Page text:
Feb. 4, 2021:  The U.S. Government Accountability Office released a report on the humanitarian impact of U.S. sanctions on Venezuela titled, “Venezuela: Additional Tracking Could Aid Treasury’s Efforts to Mitigate Any Adverse Impacts U.S. Sanctions Might Have on Humanitarian Assistance” (GAO-21-239, The report examined how the Venezuelan economy performed before and after sanctions were imposed in 2015, the steps U.S. agencies have taken to identify and mitigate the sanctions’ potential negative humanitarian consequences, and the impact of the sanctions on the U.S. oil industry.  As the title of the report indicates, the report was unable to draw broad conclusions, as the agencies involved have not collected adequate data.

Department of State


DDTC Name And Address Changes Posted To Website

Feb. 4, 11, and 16, 2021:  The Directorate of Defense Trade Controls (DDTC) posted the following name and/or address changes on its website at

  • Change in Name of Hydroid Inc. to HII Unmanned Systems due to acquisition of Hydroid, Inc. by Huntington Ingalls Industries;
  • Change in Name of Aeroflex Wichita Inc. to Viavi Solutions LLC due to corporate reorganization;
  • Change in Name from Fuji Xerox Service Link Co., Ltd. to FUJIFILM Service Link due to corporate rebranding;
  • Change in Name from Bell Helicopter Co., Ltd. to Bell Textron Co., Ltd. due to corporate rebranding.

Each announcement includes a link to a notice detailing the change and its effects on pending and currently approved authorizations involving the listed entity.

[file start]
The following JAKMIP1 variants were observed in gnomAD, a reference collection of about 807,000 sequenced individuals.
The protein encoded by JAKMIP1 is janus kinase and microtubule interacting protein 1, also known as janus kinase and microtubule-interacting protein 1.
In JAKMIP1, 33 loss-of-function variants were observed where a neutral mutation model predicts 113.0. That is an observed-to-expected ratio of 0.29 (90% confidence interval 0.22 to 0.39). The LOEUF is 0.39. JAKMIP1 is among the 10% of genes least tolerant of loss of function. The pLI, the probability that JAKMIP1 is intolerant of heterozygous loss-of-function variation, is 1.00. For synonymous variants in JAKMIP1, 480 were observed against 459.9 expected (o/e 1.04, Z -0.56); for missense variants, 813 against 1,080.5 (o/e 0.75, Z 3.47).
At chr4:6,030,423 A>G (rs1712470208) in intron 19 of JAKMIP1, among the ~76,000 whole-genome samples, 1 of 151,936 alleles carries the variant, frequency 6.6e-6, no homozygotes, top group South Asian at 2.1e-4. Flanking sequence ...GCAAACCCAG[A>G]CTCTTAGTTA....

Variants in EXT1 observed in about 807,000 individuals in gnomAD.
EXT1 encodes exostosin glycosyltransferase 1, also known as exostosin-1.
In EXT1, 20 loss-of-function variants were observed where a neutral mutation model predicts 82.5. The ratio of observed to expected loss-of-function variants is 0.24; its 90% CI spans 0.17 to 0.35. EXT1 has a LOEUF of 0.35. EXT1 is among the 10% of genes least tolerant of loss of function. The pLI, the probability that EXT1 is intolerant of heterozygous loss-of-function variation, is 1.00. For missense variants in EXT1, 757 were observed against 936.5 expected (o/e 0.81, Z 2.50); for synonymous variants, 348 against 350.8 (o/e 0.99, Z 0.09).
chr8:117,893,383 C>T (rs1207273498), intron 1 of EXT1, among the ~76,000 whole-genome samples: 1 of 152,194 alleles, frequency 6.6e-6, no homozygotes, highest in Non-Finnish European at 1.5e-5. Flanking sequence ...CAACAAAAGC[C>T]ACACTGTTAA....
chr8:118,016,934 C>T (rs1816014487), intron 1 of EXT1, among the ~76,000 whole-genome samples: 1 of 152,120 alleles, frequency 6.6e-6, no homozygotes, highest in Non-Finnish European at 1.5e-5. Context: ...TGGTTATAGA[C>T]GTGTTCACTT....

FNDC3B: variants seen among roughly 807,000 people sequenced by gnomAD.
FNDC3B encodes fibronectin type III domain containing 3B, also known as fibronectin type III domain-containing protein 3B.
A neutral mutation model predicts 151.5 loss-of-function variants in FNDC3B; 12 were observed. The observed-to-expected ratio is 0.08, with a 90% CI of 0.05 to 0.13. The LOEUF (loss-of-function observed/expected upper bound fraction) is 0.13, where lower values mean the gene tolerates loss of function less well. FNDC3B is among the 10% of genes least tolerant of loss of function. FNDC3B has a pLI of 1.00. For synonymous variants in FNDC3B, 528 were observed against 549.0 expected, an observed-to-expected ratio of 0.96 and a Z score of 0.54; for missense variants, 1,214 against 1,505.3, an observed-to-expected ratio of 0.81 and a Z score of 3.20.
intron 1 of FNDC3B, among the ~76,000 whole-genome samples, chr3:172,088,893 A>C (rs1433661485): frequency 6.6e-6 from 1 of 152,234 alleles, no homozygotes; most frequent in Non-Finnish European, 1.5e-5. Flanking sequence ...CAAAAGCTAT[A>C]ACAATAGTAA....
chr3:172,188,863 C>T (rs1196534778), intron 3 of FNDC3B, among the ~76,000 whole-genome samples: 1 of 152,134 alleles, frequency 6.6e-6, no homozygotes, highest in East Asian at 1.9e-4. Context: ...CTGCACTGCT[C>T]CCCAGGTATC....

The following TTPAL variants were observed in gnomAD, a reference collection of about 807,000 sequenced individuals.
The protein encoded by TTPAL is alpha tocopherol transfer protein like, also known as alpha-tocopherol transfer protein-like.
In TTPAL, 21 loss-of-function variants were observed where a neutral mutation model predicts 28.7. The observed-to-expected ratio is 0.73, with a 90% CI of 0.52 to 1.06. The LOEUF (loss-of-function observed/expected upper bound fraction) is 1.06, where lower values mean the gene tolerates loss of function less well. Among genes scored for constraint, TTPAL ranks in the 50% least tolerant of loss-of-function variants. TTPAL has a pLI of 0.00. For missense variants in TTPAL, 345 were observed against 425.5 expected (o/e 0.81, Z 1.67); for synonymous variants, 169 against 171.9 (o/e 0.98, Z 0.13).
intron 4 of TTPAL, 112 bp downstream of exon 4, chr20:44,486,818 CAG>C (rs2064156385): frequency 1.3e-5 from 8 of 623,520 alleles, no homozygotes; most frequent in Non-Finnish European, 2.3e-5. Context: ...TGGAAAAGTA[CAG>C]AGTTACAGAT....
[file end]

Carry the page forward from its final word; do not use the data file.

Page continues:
DOD Adjusts The Civil Penalty For Violations Of The ITAR

Feb. 2, 2021 – 86 Fed. Reg. 7804:  The State Department made its annual inflationary adjustment of civil monetary penalties (CMPs), based on guidance from the Office of Management and Budget.  The maximum CMP for violations of the International Traffic in Arms Regulations (ITAR, 22 CFR Parts 120-130) was increased from $1,183,736 to $1,197,728.  The new amount will apply only to penalties assessed on or after Feb. 2, 2021, regardless of the date on which the violation occurred.

Department of the Treasury


OFAC Issues Venezuela-related General License (GL) 30A, “Authorizing Certain Transactions Necessary to Port and Airport Operations.”

Feb. 2, 2021:  The Office of Foreign Assets Control (OFAC) issued Venezuela-related General License (GL) 30A, “Authorizing Certain Transactions Necessary to Port and Airport Operations.”  GL 30A authorized payments to Instituto Nacional de los Espacios Acuaticos (INEA), Venezuela's major port operator.   OFAC’s designation of INEA as a Specially Designated National (SDN) on Jan. 19, 2021, had triggered concerns about humanitarian and other imports into the country.  GL 30A is on the Treasury Department website at


OFAC Revokes Restrictions On Ansarallah As A Foreign Terrorist Organization And A Specially Designated Global Terrorist